Havre Daily News
The local public works union has voted to reject a proposed labor contract from the city. The union president said today several items in the contract did not match the agreement that had been negotiated.
A union field representative said that if the agreement has been changed, he will consider filing an unfair labor practices complaint with the state.
Havre City Council member Terry Schend, who chairs the council's Labor Relations Committee, said today that one item was changed because it would have created a new position - something he doesn't think City Council members have the power to do - and the other two items were what negotiators had agreed on.
Schend told the City Council on Monday night that the city is closing in on tentative agreements with the police and fire unions.
American Federation of State, County and Municipal Employees Local 336 interim president Oscar DeLaRosa said today three items stuck out in the public works contract forwarded from the city.
"They changed the proposals," DeLaRosa said. "This contract was a done deal."
The union had asked that three positions receive a pay grade increase, that call-in pay be added when city workers handle calls after hours, and that stand-in supervisors receive increased pay, he said.
In the contract proposed by the city, DeLaRosa said, one of the three positions was not included in the pay grade increase, call-in pay would be nullified if a worker was already being paid overtime, and substitute supervisors would only receive a supervisor's pay after running the crew for a week or more.
AFSCME representative Pete Parsons said today that if the city had made changes to the agreement, that could constitute an unfair labor practice. He said he has not yet spoken with DeLaRosa.
"If they changed that, the union would consider that an unfair labor practice, and I would file that," Parsons said.
The union had proposed that the city increase the earnings of a meter reader and two truck operators by a full pay grade, which would create specific positions for those workers. Under the current contract, the three employees are general service workers who can be assigned to do anything on any given day.
The city's proposed contract increases the pay grade of the truck operators but does not do so for the assistant meter reader.
Schend said there is no assistant meter reading position, and he doesn't think the City Council has the power to create that position.
"We don't have a problem with increasing the pay grade," Schend said. "There is no position for the (assistant) meter reader. The meter reader is actually a management position. She's had someone from the work force assist her in doing her job.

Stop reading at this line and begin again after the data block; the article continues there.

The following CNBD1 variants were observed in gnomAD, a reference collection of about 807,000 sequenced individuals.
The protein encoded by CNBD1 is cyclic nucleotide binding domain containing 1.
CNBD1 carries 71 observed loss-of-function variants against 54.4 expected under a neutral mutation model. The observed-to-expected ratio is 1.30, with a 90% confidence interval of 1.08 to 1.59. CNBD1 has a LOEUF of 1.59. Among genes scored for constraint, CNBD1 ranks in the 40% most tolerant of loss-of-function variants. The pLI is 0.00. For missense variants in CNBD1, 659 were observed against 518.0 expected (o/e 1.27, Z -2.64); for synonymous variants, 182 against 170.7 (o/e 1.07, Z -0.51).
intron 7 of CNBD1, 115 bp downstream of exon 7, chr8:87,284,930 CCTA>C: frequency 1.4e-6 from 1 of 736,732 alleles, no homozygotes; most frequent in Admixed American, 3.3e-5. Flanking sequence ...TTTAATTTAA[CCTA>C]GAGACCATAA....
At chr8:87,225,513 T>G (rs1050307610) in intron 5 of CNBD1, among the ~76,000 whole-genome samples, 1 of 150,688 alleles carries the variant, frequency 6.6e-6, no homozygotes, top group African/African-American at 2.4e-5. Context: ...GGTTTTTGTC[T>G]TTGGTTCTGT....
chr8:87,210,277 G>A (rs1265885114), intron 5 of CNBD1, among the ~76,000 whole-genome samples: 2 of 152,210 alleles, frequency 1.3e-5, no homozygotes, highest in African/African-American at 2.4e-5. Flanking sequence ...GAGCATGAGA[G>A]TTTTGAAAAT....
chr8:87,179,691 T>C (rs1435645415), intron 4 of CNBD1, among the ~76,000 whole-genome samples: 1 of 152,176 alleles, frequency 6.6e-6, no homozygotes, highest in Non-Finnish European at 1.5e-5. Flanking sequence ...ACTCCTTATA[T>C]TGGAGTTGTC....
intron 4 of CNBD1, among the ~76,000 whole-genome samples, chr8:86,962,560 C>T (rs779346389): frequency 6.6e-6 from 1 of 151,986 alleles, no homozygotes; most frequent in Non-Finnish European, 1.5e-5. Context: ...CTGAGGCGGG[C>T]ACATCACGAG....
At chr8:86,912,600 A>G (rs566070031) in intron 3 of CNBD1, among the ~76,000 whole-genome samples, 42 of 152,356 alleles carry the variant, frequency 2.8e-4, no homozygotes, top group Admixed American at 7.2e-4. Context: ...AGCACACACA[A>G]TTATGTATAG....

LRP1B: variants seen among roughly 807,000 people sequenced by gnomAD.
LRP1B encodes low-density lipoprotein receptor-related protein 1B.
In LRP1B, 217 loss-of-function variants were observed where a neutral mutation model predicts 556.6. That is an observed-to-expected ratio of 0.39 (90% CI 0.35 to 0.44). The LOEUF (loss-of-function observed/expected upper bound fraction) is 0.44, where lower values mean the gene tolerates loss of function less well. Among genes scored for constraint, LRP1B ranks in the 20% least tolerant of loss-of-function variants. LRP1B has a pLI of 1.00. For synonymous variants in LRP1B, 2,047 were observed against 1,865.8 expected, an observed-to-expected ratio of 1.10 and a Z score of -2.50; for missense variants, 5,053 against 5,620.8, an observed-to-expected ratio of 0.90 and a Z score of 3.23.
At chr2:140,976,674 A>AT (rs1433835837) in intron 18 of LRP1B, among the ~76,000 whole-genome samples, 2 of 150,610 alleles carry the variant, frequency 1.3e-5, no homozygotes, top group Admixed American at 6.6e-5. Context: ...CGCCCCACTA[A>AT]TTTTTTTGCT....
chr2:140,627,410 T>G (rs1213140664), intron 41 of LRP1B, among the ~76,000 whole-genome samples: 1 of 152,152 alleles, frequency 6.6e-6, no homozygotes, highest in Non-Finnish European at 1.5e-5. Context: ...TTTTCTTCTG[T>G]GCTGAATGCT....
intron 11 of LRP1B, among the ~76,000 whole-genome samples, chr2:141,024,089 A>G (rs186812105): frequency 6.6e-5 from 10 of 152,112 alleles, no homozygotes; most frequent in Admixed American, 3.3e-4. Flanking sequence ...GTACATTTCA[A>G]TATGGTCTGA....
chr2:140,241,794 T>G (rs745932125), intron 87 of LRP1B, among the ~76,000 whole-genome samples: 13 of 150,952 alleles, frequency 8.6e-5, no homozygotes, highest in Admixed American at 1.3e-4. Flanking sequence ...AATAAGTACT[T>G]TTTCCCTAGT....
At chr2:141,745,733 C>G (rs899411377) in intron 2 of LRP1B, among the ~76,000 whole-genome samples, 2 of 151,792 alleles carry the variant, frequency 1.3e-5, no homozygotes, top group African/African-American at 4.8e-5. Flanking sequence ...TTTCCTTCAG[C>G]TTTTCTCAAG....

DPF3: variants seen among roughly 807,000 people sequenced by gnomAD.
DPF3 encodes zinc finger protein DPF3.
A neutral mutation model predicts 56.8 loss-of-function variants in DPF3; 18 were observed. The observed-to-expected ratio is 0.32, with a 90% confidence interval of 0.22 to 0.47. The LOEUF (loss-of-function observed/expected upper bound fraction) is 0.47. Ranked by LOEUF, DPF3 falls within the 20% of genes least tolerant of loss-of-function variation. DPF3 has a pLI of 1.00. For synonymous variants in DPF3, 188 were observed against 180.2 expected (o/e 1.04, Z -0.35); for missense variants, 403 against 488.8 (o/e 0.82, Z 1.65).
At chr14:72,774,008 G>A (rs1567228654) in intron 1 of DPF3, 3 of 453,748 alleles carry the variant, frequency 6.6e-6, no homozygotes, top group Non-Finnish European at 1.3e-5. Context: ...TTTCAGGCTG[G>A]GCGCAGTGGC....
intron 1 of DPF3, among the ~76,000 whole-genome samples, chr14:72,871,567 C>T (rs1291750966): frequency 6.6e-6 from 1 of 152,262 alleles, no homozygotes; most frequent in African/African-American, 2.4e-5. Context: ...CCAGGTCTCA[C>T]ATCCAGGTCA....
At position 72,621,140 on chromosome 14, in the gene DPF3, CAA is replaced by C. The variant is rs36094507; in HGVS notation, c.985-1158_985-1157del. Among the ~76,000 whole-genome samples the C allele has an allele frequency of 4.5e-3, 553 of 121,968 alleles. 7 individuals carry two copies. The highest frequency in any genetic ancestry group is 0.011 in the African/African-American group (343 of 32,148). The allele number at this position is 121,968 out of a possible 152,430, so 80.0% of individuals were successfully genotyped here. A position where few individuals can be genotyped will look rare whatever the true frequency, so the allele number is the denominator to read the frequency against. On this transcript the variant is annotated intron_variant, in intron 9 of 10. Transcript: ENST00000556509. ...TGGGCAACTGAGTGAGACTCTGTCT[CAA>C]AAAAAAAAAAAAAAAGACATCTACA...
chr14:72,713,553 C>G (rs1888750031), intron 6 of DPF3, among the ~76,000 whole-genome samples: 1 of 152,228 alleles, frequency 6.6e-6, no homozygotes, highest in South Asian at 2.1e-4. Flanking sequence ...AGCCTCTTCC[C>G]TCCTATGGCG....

"I don't think that we, as a City Council, can create positions within the departments."
The issue of pay grades was raised earlier in the summer. After both sides had reached agreement on a contract, Schend tried to reopen negotiations with the union after discussing the matter with Havre Mayor Bob Rice. City public works director Dave Peterson said that changing the positions would be detrimental to the department's budget and operations.
The union and the city also agreed that workers filling in as supervisors would receive an additional $2 an hour, and that workers called in after hours would receive an extra 40 cents an hour, DeLaRosa said.
In the agreement forwarded by the city, workers would receive supervisor pay only if they filled that role for a week or more, and workers would receive call-in pay only if they hadn't already exceeded 40 hours for the week, he said.
Schend said those two proposals were in line with what was negotiated. He said he lifted the language regarding supervisor pay out of the current contract and copied it verbatim into the new, changing only the amount of pay.
"I stated exactly how it states in the contract," he said. "I changed the dollar to two dollars."
Schend said the weeklong requirement for supervisor pay is in the current contract, but the city has a practice of paying workers extra for any amount of time they fill in as supervisors.
Schend said there was much discussion about the extra pay for call-ins, and he put language in the proposed agreement that he thought represented that discussion.
"We had a lengthy discussion about that," Schend said. "The guys that were in the meeting felt the differential pay was not important to them. They understood the city's position on that. I just clarified it. Obviously, Oscar had a different concept of what we talked about."
Schend said he will speak with city attorney Mary VanBuskirk to clarify where he should go from here regarding the contract.
DeLaRosa said the union is ready and willing to negotiate further.
"I don't foresee us backing down," he added.
DeLaRosa also said he believes the contract was changed because Rice and deputy public works director Gary Schaub took issue with the proposals.
"They did not like it, so they declined it," DeLaRosa said. "That's my understanding of it. I thought that's why we have a negotiating committee. I don't understand how the mayor and Gary Schaub come into the picture. That's the reason it's not settled."
Rice and Schaub could not be reached for comment.
On another issue, DeLaRosa said today the union voted unanimously to go to arbitration to settle a grievance he filed against the city after Schaub suspended him for three days without pay for working without orders.
The City Council's Grievance Committee awarded him his pay and decided to remove the incident from his record, but - citing concerns over mistakes made both by DeLaRosa and management - declined to order Schaub to apologize in writing. DeLaRosa has said he wants the apology.
A meeting of the Labor Relations Committee and police union representatives is scheduled for Aug. 25 at 6:30 p.m.